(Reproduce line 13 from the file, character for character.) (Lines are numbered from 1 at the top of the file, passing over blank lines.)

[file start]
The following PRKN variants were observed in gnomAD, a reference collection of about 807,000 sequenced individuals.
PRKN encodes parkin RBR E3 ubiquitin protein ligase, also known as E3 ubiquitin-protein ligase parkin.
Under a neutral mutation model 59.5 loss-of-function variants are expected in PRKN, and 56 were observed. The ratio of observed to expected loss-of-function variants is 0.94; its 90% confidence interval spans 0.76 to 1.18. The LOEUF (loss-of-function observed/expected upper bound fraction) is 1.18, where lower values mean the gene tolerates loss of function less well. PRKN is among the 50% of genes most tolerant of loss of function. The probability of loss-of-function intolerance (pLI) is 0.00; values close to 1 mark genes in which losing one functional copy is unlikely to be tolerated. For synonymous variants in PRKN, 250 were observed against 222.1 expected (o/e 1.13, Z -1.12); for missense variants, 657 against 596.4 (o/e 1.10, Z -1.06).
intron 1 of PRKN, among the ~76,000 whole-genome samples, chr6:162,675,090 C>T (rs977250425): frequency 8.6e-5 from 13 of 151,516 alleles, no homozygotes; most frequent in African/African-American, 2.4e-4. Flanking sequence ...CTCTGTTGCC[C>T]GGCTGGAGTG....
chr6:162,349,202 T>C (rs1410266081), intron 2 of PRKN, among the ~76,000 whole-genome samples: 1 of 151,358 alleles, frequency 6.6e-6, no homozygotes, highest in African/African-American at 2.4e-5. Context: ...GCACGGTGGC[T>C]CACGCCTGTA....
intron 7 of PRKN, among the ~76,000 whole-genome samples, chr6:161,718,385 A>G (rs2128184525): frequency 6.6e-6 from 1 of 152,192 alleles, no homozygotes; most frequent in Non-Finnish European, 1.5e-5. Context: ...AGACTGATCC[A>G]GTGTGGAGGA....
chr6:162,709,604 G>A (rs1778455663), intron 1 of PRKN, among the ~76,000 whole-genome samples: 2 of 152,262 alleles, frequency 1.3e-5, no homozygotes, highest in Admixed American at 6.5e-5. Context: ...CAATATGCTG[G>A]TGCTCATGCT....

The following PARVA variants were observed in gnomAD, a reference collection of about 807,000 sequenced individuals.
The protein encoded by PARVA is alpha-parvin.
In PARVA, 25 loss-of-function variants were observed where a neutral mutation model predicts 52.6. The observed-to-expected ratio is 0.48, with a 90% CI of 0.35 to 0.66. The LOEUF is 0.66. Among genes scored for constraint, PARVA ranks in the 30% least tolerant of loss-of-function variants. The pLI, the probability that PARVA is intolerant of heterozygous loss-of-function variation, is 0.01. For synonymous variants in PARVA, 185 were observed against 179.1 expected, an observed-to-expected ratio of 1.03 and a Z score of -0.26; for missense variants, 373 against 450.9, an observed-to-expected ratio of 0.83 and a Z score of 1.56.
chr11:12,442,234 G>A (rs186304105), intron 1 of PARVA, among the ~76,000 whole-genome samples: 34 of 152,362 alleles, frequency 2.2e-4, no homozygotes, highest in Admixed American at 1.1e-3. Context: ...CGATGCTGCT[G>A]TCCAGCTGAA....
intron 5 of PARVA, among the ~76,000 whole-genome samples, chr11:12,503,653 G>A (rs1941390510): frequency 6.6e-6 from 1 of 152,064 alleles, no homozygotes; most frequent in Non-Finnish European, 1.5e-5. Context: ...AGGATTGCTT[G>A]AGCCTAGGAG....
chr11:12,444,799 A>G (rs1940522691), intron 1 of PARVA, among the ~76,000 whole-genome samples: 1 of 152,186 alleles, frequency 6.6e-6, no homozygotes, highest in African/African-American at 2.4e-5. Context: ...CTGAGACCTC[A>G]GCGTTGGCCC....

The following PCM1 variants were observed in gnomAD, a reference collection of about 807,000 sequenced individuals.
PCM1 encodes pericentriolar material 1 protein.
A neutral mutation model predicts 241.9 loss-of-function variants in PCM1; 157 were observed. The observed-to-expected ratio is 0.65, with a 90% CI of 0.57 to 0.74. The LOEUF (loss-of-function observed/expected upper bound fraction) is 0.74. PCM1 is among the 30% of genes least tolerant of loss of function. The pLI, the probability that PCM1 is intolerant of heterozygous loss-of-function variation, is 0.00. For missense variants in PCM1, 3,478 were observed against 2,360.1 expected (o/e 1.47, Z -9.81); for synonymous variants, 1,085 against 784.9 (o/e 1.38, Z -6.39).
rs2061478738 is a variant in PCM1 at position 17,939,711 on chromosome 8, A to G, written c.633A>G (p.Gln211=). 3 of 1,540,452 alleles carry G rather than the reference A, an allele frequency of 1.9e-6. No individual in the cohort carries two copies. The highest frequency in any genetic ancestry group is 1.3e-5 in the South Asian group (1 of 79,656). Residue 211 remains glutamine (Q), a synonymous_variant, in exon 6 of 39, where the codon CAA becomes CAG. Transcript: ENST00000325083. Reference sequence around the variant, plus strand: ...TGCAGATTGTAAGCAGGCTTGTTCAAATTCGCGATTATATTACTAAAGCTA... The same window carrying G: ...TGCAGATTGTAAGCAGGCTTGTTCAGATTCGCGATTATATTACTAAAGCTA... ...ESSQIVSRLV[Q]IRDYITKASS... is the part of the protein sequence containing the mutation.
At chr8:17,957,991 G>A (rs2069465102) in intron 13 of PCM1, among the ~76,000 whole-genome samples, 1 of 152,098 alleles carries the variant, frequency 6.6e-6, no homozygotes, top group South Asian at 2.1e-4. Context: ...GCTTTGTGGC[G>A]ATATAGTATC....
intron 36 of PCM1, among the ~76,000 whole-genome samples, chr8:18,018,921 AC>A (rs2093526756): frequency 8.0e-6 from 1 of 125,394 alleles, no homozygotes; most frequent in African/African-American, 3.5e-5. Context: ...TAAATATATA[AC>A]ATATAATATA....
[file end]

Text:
chr11:12,444,799 A>G (rs1940522691), intron 1 of PARVA, among the ~76,000 whole-genome samples: 1 of 152,186 alleles, frequency 6.6e-6, no homozygotes, highest in African/African-American at 2.4e-5. Context: ...CTGAGACCTC[A>G]GCGTTGGCCC....